Welcome to the World of Currencies<br />
Currencies<br />Appreciation and Depreciation<br />
Changes in the rate are expressed as appreciation or depreciation of one currency in terms of the other currency It is als...
Let’s look at an example:<br />1 USD = INR 40<br />Something costing 100$ will cost Rs.4000/-<br />1 USD = INR 45<br />Som...
Let’s look at another example:<br />1 USD = INR 45<br />Something costing 100$ will cost Rs.4500/-<br />1 USD = INR 40<br ...
The “bid” is the price at which you can sell the base currency<br />The “offer” is the price at which you can buy the base...
Bids and Offers are always for the Base currency<br />Traders always think in terms of how much it costs to buy or sell th...
Let’s look at an example:<br />The quote for the Dollar Rupee might be as follows:<br />USD/INR<br />49.2225/75<br />Here ...
The price quotation of each bid and offer you see will have two components:<br />Let’s look at an example:<br />The quote ...
USD/INR<br />49.2225/49.2275<br />0.0050<br />Spread<br />Spread is the difference between the bid and the ask<br />
Trading Screen<br />
Calculating profit and loss using pips<br />The last decimal place is called the pip. For most currencies, bids and offers...
Let’s look at some currency quotes to understand pip better<br />USD/CHF = 1.2267<br />USD/EUR = 1.3225<br />In the USD/CH...
Thank You<br />
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Basics of Currency Trading

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Transcript of "Basics of Currency Trading"

  1. 1. Welcome to the World of Currencies<br />
  2. 2. Currencies<br />Appreciation and Depreciation<br />
  3. 3. Changes in the rate are expressed as appreciation or depreciation of one currency in terms of the other currency It is also referred to as strengthening or weakening of once currency vis-a-vis the other<br />
  4. 4.
  5. 5. Let’s look at an example:<br />1 USD = INR 40<br />Something costing 100$ will cost Rs.4000/-<br />1 USD = INR 45<br />Something costing 100$ will now cost Rs.4500/-<br />A Bigger value of the exchange rate means that our purchasing power is lower; it is a depreciation of the Rupee and appreciation of the dollar<br />
  6. 6.
  7. 7. Let’s look at another example:<br />1 USD = INR 45<br />Something costing 100$ will cost Rs.4500/-<br />1 USD = INR 40<br />Something costing 100$ will now cost Rs.4000/-<br />A Lower value of the exchange rate means that our purchasing power is higher; it is an appreciation of the Rupee or you can say the Rupee has strengthened and a depreciation of the Dollar or the Dollar has depreciated<br />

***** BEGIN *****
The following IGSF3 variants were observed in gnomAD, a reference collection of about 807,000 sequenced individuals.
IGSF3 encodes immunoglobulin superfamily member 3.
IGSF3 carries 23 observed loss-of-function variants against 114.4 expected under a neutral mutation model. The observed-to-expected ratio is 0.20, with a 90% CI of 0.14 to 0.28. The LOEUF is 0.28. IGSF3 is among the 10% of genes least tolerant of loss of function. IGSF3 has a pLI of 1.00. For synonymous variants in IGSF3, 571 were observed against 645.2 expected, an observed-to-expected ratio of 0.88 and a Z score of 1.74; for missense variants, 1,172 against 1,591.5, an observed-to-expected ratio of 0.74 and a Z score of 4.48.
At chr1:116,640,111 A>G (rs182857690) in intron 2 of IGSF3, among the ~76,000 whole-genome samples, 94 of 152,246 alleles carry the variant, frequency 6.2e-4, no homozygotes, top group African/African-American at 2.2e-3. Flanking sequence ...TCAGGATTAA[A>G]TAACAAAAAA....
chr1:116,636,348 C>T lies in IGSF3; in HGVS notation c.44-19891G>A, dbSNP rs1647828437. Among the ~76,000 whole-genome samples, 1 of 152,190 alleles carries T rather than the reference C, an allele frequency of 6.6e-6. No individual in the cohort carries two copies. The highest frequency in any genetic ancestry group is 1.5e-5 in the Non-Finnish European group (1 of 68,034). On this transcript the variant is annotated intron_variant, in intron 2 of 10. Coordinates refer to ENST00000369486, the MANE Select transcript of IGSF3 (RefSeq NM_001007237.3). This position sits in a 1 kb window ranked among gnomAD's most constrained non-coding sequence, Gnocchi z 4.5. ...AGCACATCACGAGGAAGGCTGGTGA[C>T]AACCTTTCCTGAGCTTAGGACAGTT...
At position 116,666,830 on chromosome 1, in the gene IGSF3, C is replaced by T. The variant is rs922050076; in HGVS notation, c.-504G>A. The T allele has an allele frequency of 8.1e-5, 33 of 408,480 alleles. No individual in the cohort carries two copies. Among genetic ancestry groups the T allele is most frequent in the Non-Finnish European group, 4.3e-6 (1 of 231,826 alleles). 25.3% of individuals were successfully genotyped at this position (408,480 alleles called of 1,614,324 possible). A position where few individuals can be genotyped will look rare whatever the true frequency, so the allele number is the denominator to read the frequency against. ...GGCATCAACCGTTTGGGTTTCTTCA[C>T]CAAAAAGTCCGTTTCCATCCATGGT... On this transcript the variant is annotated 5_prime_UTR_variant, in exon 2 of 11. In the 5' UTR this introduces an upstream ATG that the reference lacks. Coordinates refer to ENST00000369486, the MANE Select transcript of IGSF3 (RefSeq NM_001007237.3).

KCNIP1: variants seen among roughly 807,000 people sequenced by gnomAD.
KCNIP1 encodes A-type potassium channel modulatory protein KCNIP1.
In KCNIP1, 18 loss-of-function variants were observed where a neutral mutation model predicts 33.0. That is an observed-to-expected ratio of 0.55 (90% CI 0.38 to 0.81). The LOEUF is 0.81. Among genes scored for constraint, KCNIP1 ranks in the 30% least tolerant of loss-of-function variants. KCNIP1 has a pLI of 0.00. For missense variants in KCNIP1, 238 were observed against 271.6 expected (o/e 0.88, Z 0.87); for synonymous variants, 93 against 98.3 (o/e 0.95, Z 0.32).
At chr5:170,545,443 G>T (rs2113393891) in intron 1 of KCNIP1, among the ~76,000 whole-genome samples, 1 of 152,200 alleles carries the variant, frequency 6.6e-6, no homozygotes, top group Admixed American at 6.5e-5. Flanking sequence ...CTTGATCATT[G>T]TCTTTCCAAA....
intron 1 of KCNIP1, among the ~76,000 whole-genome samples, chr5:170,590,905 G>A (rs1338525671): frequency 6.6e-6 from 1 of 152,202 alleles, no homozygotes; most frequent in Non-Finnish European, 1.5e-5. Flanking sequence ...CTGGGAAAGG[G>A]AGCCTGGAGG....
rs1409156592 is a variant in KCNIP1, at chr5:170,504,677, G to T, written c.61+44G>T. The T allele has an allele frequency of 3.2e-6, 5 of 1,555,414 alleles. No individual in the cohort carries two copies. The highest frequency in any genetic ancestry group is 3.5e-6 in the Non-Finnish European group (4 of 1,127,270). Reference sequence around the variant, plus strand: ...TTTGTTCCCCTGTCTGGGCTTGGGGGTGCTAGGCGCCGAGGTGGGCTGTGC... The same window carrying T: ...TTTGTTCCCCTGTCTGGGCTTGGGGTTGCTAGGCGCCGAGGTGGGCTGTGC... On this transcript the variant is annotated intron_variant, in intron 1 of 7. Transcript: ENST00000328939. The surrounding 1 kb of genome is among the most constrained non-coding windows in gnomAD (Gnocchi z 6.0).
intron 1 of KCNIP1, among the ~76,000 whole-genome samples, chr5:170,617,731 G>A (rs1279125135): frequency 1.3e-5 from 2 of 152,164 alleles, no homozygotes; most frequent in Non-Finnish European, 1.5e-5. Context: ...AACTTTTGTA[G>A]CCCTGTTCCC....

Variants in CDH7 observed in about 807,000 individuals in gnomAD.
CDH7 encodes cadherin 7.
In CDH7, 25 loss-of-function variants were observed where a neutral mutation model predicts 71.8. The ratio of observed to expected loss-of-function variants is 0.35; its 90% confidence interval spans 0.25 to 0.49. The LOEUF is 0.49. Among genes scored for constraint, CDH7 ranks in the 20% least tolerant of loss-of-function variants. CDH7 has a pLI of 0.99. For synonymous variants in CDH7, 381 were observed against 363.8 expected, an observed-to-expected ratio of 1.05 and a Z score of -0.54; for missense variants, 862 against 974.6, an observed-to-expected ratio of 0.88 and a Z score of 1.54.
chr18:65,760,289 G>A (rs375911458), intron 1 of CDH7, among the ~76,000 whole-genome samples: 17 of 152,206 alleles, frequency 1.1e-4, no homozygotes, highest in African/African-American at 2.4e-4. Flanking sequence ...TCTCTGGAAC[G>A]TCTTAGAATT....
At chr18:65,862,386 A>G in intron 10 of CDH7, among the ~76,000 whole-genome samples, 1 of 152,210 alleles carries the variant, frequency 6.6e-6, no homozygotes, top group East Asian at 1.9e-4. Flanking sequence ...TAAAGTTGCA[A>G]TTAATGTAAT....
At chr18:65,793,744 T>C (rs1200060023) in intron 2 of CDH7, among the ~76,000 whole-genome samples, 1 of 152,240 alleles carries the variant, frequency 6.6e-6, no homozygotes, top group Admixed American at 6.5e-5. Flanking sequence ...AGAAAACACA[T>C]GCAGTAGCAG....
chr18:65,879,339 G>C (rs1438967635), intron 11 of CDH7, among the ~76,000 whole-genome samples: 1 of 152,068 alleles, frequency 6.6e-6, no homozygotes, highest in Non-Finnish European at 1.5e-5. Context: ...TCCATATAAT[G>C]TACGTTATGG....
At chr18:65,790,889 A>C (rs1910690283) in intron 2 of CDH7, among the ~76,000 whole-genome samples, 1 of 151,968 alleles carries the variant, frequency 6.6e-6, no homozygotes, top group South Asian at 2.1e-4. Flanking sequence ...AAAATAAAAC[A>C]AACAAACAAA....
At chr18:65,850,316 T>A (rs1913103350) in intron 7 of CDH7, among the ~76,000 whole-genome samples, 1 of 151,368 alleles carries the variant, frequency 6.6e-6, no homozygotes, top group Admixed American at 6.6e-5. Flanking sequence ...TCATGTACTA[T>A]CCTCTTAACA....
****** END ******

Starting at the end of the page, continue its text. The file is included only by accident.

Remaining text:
8. 8. The “bid” is the price at which you can sell the base currency<br />The “offer” is the price at which you can buy the base currency<br />USD/INR<br />49.2225/49.2275<br />OFFER / ASK<br />BID<br />
  9. 9. Bids and Offers are always for the Base currency<br />Traders always think in terms of how much it costs to buy or sell the base currency<br />On the trading screen, you’ll see two prices for each currency pair. The price on the left-hand side is called the bid and the price on the right-hand side is called the offer (some call this the ask)<br />
  10. 10. Let’s look at an example:<br />The quote for the Dollar Rupee might be as follows:<br />USD/INR<br />49.2225/75<br />Here the bid price is 49.2225 per Dollar and <br />the offer price is 49.2275 per Dollar<br />Usually a market maker will simply give the quote as 25/75<br />
  11. 11. The price quotation of each bid and offer you see will have two components:<br />Let’s look at an example:<br />The quote for the Dollar Rupee might be as follows:<br />USD/INR<br />49.2225/75<br />In the above example <br />- the Big figure is 49.22 and the dealing price is 25/75<br />
  12. 12. USD/INR<br />49.2225/49.2275<br />0.0050<br />Spread<br />Spread is the difference between the bid and the ask<br />
  13. 13. Trading Screen<br />
  14. 14. Calculating profit and loss using pips<br />The last decimal place is called the pip. For most currencies, bids and offers are presented to the fourth decimal place that is 1/10000th of the terms currency unit also called as pip<br />Profit-and-loss calculations are pretty straightforward in terms of math — they’re all based on position size and the number of pips you make or lose. A pip is the smallest increment of price fluctuation in currency prices. Pips can also be referred to as points; we use the two terms interchangeably<br />
  15. 15. Let’s look at some currency quotes to understand pip better<br />USD/CHF = 1.2267<br />USD/EUR = 1.3225<br />In the USD/CHF if the price moves from 1.2267 to 1.2287, it has gone up by 20 pips. If it goes from 1.2267 to 1.2253, it has gone down by 14 points<br />
  16. 16. Thank You<br />

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